As the NPT Review Conference gets underway at the UN in New York, the increasingly frustrated non-nuclear weapon states will be looking for the U.S. and other nuclear weapon states to take meaningful steps to reduce nuclear risks. Read More
April 29th, 2015
April 27th, 2015
Almost all the world’s nations gather today at the UN in New York City for the month-long Review Conference of the international treaty designed to stop the spread of nuclear weapons and eliminate the ones that already exist.
The 1970 Treaty on the Non-Proliferation of Nuclear Weapons, or “NPT”, divides the world into nuclear weapons haves and have-nots, with the five nuclear weapon states—the U.S., Russia, China, Britain, and France—committed to nuclear disarmament in exchange for which the other 186 parties have pledged not to acquire nuclear weapons. The treaty includes inspections to make sure that countries with nuclear power programs don’t use the technology to produce nuclear weapons materials. Read More
April 20th, 2015
April 8th, 2015
Eric Schlosser, author of the best-selling book Fast Food Nation, last year published a new book that details dozens of accidents that have occurred with U.S. nuclear weapons—some of which nearly led to a nuclear explosion. His book, Command and Control, makes clear that nuclear weapons systems—like all complex systems involving technology and humans—are not perfect. Things go wrong. Read More
January 27th, 2015
December 17th, 2014
The Cold War ended 25 years ago this month, according to many historians. On Dec. 2 and 3, 1989, Presidents Bush and Gorbachev met on a ship off the island of Malta in the Mediterranean and announced an end of hostilities between the United States and the Soviet Union.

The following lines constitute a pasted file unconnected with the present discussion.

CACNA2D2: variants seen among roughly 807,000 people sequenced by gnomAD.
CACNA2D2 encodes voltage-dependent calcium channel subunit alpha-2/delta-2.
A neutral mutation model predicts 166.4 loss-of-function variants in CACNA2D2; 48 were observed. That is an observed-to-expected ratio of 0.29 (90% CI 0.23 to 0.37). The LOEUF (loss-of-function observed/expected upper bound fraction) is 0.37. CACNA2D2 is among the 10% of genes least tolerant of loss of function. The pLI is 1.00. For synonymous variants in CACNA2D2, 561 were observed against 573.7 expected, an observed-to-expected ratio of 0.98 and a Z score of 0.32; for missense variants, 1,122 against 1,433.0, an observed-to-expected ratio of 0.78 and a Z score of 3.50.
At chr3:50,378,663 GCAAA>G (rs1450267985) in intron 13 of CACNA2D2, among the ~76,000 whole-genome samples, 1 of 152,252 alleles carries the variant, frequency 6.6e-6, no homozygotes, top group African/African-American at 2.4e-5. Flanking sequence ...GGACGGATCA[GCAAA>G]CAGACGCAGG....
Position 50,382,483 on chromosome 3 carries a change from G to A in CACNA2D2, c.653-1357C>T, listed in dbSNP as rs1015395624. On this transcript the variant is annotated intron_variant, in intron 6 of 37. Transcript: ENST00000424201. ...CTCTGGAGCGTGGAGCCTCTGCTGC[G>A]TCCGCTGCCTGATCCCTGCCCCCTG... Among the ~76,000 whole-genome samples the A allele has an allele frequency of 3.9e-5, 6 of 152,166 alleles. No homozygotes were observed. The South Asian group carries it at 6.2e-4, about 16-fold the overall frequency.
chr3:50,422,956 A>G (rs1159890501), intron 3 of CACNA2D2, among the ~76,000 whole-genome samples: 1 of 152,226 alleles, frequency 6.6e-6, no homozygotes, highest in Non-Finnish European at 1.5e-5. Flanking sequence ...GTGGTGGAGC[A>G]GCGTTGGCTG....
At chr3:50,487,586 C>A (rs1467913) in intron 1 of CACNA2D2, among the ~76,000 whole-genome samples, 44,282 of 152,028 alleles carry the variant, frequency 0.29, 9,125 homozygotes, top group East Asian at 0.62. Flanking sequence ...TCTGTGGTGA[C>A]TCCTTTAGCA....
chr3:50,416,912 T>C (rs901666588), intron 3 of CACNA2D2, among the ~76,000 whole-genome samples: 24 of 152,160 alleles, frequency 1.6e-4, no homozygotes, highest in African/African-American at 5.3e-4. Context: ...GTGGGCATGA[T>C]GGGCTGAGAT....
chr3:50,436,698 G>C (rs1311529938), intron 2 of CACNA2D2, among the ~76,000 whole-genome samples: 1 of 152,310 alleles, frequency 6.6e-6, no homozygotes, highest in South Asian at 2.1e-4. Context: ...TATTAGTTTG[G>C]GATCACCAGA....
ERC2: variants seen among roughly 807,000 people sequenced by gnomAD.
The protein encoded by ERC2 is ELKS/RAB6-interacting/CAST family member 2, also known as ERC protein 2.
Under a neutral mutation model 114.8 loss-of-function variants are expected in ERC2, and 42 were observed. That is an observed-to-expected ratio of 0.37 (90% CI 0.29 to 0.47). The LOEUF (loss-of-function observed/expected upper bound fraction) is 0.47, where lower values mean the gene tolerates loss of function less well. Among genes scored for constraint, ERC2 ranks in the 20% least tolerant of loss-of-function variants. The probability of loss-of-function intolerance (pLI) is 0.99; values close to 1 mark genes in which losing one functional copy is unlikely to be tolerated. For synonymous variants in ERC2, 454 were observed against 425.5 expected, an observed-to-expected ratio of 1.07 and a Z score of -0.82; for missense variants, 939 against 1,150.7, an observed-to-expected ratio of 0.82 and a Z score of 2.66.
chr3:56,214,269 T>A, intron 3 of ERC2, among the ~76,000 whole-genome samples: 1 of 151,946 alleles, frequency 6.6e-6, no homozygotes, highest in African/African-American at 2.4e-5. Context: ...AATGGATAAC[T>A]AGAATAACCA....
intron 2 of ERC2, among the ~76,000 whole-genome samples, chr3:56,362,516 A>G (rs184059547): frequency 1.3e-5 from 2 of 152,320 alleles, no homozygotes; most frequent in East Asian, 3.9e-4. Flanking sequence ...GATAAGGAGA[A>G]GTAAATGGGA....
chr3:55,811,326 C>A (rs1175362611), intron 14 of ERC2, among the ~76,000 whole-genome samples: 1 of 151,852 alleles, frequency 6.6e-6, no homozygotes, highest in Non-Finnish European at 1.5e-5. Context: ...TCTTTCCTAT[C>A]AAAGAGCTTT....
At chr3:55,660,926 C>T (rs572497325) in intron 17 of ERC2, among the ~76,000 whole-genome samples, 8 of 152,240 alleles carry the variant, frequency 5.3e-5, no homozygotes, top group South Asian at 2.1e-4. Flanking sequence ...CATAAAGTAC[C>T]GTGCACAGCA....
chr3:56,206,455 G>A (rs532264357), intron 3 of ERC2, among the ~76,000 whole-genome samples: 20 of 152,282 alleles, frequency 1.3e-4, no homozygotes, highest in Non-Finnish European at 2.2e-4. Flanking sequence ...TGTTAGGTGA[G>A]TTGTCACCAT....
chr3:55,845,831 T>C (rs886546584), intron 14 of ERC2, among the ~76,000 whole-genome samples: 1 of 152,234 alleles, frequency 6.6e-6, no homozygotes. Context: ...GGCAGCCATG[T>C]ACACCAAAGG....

The two presidents quickly turned to addressing the most dangerous legacy of the Cold War: the bloated nuclear arsenals in both countries. Within a few years, they cut their nuclear stockpiles in half, and have continued to cut them in the decades since. With U.S.-Russian tensions high again, it’s worth remembering what progress has been made. Read More
December 1st, 2014
August 6th, 2014
August 4th, 2014
As every high school student learns, the first amendment to the U.S. constitution guarantees the right to freedom of speech. That’s why government employees have the right to express their opinions as long as they make clear that their opinions do not represent those of their employer.
Apparently some folks at Los Alamos National Laboratory—one of the two labs that design and help maintain U.S. nuclear weapons—missed that day in class. Read More